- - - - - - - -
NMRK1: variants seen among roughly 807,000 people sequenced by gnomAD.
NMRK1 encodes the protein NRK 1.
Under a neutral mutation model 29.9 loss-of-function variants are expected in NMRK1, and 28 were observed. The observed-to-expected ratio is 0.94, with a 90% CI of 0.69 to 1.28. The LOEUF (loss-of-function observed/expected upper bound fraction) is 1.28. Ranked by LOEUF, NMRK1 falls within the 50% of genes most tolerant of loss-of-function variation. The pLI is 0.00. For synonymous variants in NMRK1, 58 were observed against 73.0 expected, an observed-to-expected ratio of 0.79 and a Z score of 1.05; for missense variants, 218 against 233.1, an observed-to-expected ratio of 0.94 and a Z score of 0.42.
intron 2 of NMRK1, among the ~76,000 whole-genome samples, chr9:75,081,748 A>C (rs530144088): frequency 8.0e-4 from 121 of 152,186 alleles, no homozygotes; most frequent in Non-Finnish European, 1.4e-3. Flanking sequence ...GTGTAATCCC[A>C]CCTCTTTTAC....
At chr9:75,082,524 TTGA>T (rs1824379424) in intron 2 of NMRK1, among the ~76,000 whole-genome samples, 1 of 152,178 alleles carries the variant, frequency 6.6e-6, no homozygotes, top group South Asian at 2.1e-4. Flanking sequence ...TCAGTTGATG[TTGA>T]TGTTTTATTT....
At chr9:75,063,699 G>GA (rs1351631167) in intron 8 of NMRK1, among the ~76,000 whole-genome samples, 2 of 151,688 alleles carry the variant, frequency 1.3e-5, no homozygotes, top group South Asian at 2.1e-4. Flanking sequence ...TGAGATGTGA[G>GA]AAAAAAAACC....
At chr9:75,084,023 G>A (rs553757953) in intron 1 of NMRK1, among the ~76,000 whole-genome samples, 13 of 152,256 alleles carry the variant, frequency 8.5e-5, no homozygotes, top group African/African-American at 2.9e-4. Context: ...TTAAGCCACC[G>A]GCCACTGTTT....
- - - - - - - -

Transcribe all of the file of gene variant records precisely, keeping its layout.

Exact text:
NMRK1: variants seen among roughly 807,000 people sequenced by gnomAD.
NMRK1 encodes the protein NRK 1.
Under a neutral mutation model 29.9 loss-of-function variants are expected in NMRK1, and 28 were observed. The observed-to-expected ratio is 0.94, with a 90% CI of 0.69 to 1.28. The LOEUF (loss-of-function observed/expected upper bound fraction) is 1.28. Ranked by LOEUF, NMRK1 falls within the 50% of genes most tolerant of loss-of-function variation. The pLI is 0.00. For synonymous variants in NMRK1, 58 were observed against 73.0 expected, an observed-to-expected ratio of 0.79 and a Z score of 1.05; for missense variants, 218 against 233.1, an observed-to-expected ratio of 0.94 and a Z score of 0.42.
intron 2 of NMRK1, among the ~76,000 whole-genome samples, chr9:75,081,748 A>C (rs530144088): frequency 8.0e-4 from 121 of 152,186 alleles, no homozygotes; most frequent in Non-Finnish European, 1.4e-3. Flanking sequence ...GTGTAATCCC[A>C]CCTCTTTTAC....
At chr9:75,082,524 TTGA>T (rs1824379424) in intron 2 of NMRK1, among the ~76,000 whole-genome samples, 1 of 152,178 alleles carries the variant, frequency 6.6e-6, no homozygotes, top group South Asian at 2.1e-4. Flanking sequence ...TCAGTTGATG[TTGA>T]TGTTTTATTT....
At chr9:75,063,699 G>GA (rs1351631167) in intron 8 of NMRK1, among the ~76,000 whole-genome samples, 2 of 151,688 alleles carry the variant, frequency 1.3e-5, no homozygotes, top group South Asian at 2.1e-4. Flanking sequence ...TGAGATGTGA[G>GA]AAAAAAAACC....
At chr9:75,084,023 G>A (rs553757953) in intron 1 of NMRK1, among the ~76,000 whole-genome samples, 13 of 152,256 alleles carry the variant, frequency 8.5e-5, no homozygotes, top group African/African-American at 2.9e-4. Context: ...TTAAGCCACC[G>A]GCCACTGTTT....